Jean-Pierre Jeunet (“Amelie,” “The City of Lost Children”) is a master tinkerer. Slick cuteness and childlike sentiment are in his toolkit. Contraptions, optical ones in particular, pop up in his enchanting fabulations. One of Mussolini’s preserved eyeballs is prized by a collector in his latest movie. Improvised machinations are key to his coincidence-flecked plots and decor by bricoleurs. He also borrows ever so widely and wisely. For his adorable “Micmacs,” he cites as inspirations “Mission: Impossible,” “Toy Story” and “Snow White and the Seven Dwarfs.” Bazil (Dany Boon) is employed as a clerk at a video store until a stray bullet lodges in his brain. He comes upon its manufacturer, and then discovers that right across the street is the manufacturer of the anti-personnel device that left him fatherless three decades ago. Jeunet pits our hero and his gang of gizmo-gleaners against vendors of armor-piercing bullets and landmines. Those capitalists of civil strife boast of the bloodshed in a Sarajevo market on February 5, 1994, along with genocide in Darfur and bringing down a Boeing airline, as outcomes of their wares. Bazil conspires against these archrivals in a setup recalling “Lucky Number Slevin.” Bigger ingredients, though, are sweet witty bits of physical comedy in debt to Chaplin, Keaton and Tati. Eight excerpts of classic scores by Max Steiner are sampled, as well as the look of Warner Bros.’ credit sequence from “The Big Sleep.” Jeunet’s cluttered affections for film craft lead to a tribunal held in a simulated Somalia, with a YouTube kicker. “Micmacs” is a fairy tale confection with an international justice agenda. With André Dussollier, Nicolas Marié, Jean-Pierre Marielle, Yolande Moreau, Julie Ferrier, Dominique Pinon, Michel Crémadès, Marie-Julie Baup. 104m. (Bill Stamets)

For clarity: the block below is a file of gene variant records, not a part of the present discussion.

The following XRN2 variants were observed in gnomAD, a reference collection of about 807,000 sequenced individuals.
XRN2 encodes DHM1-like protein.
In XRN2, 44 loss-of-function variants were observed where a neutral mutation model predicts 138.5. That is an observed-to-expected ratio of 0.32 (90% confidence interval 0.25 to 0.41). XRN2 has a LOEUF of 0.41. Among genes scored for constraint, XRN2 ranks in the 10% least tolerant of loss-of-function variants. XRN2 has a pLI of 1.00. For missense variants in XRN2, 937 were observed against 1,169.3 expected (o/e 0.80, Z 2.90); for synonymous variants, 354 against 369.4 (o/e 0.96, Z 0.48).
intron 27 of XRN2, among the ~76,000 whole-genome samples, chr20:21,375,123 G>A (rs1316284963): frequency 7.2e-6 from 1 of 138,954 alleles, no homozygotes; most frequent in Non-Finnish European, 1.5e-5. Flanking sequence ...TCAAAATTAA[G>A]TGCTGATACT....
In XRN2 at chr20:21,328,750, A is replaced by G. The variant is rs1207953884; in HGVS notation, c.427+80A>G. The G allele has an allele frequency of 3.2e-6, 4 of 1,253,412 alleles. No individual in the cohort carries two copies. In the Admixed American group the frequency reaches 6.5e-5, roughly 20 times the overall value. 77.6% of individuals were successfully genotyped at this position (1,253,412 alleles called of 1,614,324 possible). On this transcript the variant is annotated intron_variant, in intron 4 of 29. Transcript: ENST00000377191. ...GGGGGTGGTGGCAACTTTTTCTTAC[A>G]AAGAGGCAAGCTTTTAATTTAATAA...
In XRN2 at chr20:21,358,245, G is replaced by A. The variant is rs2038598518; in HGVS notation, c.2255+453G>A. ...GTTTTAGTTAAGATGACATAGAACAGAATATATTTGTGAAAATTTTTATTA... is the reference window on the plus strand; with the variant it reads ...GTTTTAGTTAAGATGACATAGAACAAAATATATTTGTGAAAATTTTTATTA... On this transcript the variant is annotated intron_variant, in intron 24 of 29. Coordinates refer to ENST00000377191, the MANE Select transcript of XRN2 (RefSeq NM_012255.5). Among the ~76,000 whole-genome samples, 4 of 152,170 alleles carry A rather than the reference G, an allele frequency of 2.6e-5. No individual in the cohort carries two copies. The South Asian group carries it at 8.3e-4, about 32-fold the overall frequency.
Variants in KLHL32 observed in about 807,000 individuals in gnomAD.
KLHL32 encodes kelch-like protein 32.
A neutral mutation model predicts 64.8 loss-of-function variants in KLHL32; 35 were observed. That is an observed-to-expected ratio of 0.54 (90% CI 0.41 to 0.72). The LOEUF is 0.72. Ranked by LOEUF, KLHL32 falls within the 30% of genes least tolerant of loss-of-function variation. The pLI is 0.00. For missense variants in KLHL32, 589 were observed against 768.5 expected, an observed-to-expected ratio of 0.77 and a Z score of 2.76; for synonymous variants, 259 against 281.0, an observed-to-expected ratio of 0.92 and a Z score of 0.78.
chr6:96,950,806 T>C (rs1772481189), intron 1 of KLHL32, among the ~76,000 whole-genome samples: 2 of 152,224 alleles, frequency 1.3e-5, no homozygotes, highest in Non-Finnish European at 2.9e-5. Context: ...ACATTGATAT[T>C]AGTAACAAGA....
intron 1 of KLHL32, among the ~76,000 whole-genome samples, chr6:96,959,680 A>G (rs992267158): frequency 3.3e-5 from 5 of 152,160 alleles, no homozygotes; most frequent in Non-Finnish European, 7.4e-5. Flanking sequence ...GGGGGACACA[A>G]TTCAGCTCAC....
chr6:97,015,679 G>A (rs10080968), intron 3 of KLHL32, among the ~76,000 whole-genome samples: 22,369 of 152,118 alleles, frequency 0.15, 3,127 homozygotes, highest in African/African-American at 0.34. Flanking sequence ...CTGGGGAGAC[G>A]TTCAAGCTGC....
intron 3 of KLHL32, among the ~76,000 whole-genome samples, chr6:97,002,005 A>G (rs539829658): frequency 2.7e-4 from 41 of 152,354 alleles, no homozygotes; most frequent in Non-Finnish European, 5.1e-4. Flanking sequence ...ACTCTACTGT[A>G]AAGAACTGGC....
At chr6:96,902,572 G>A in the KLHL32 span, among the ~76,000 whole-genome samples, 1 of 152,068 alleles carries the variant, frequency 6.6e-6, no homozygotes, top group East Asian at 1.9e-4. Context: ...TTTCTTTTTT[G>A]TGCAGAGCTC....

“Micmacs” opens June 4 at Landmark Century, Cinemark Cine Arts (Evanston) and Landmark Renaissance (Highland Park)
Ray Pride is Newcity’s film critic and a contributing editor to Filmmaker magazine.
His history of Chicago “Ghost Signs” in words and images will be published in Spring 2022.